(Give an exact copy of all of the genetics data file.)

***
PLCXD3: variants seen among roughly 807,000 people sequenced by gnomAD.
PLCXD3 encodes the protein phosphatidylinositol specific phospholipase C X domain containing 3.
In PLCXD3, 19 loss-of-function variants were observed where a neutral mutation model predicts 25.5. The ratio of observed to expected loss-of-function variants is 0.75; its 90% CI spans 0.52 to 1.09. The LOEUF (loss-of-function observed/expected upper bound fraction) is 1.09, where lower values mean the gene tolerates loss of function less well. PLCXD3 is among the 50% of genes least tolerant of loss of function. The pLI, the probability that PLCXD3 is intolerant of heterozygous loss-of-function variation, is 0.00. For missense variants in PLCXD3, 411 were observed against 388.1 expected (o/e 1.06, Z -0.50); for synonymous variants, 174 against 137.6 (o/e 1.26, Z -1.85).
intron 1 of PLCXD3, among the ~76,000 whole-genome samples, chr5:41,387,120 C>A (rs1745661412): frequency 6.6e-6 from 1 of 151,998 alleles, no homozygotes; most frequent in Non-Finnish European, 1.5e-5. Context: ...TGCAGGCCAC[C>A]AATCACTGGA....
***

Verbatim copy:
PLCXD3: variants seen among roughly 807,000 people sequenced by gnomAD.
PLCXD3 encodes the protein phosphatidylinositol specific phospholipase C X domain containing 3.
In PLCXD3, 19 loss-of-function variants were observed where a neutral mutation model predicts 25.5. The ratio of observed to expected loss-of-function variants is 0.75; its 90% CI spans 0.52 to 1.09. The LOEUF (loss-of-function observed/expected upper bound fraction) is 1.09, where lower values mean the gene tolerates loss of function less well. PLCXD3 is among the 50% of genes least tolerant of loss of function. The pLI, the probability that PLCXD3 is intolerant of heterozygous loss-of-function variation, is 0.00. For missense variants in PLCXD3, 411 were observed against 388.1 expected (o/e 1.06, Z -0.50); for synonymous variants, 174 against 137.6 (o/e 1.26, Z -1.85).
intron 1 of PLCXD3, among the ~76,000 whole-genome samples, chr5:41,387,120 C>A (rs1745661412): frequency 6.6e-6 from 1 of 151,998 alleles, no homozygotes; most frequent in Non-Finnish European, 1.5e-5. Context: ...TGCAGGCCAC[C>A]AATCACTGGA....